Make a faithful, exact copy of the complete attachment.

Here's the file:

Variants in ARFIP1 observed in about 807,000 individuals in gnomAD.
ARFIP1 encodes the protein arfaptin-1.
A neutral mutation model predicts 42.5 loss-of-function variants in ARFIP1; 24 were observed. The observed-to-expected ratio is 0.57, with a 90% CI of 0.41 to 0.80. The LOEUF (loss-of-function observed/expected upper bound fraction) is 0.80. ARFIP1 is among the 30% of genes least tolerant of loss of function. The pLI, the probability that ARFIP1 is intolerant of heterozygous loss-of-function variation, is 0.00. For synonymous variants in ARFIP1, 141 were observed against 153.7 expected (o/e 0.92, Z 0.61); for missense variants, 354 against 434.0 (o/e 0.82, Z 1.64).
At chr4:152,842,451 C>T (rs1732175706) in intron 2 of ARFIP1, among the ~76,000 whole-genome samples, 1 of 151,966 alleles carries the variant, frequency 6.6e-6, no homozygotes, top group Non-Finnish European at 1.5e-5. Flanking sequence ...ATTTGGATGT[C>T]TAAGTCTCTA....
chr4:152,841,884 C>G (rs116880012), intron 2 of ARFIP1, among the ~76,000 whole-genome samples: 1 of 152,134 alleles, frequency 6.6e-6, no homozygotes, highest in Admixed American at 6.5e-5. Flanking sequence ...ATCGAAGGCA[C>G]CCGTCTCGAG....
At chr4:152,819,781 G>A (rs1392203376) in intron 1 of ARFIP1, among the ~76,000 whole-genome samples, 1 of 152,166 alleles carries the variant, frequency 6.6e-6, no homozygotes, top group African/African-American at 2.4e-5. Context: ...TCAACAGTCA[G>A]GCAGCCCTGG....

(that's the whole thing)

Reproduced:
Variants in ARFIP1 observed in about 807,000 individuals in gnomAD.
ARFIP1 encodes the protein arfaptin-1.
A neutral mutation model predicts 42.5 loss-of-function variants in ARFIP1; 24 were observed. The observed-to-expected ratio is 0.57, with a 90% CI of 0.41 to 0.80. The LOEUF (loss-of-function observed/expected upper bound fraction) is 0.80. ARFIP1 is among the 30% of genes least tolerant of loss of function. The pLI, the probability that ARFIP1 is intolerant of heterozygous loss-of-function variation, is 0.00. For synonymous variants in ARFIP1, 141 were observed against 153.7 expected (o/e 0.92, Z 0.61); for missense variants, 354 against 434.0 (o/e 0.82, Z 1.64).
At chr4:152,842,451 C>T (rs1732175706) in intron 2 of ARFIP1, among the ~76,000 whole-genome samples, 1 of 151,966 alleles carries the variant, frequency 6.6e-6, no homozygotes, top group Non-Finnish European at 1.5e-5. Flanking sequence ...ATTTGGATGT[C>T]TAAGTCTCTA....
chr4:152,841,884 C>G (rs116880012), intron 2 of ARFIP1, among the ~76,000 whole-genome samples: 1 of 152,134 alleles, frequency 6.6e-6, no homozygotes, highest in Admixed American at 6.5e-5. Flanking sequence ...ATCGAAGGCA[C>G]CCGTCTCGAG....
At chr4:152,819,781 G>A (rs1392203376) in intron 1 of ARFIP1, among the ~76,000 whole-genome samples, 1 of 152,166 alleles carries the variant, frequency 6.6e-6, no homozygotes, top group African/African-American at 2.4e-5. Context: ...TCAACAGTCA[G>A]GCAGCCCTGG....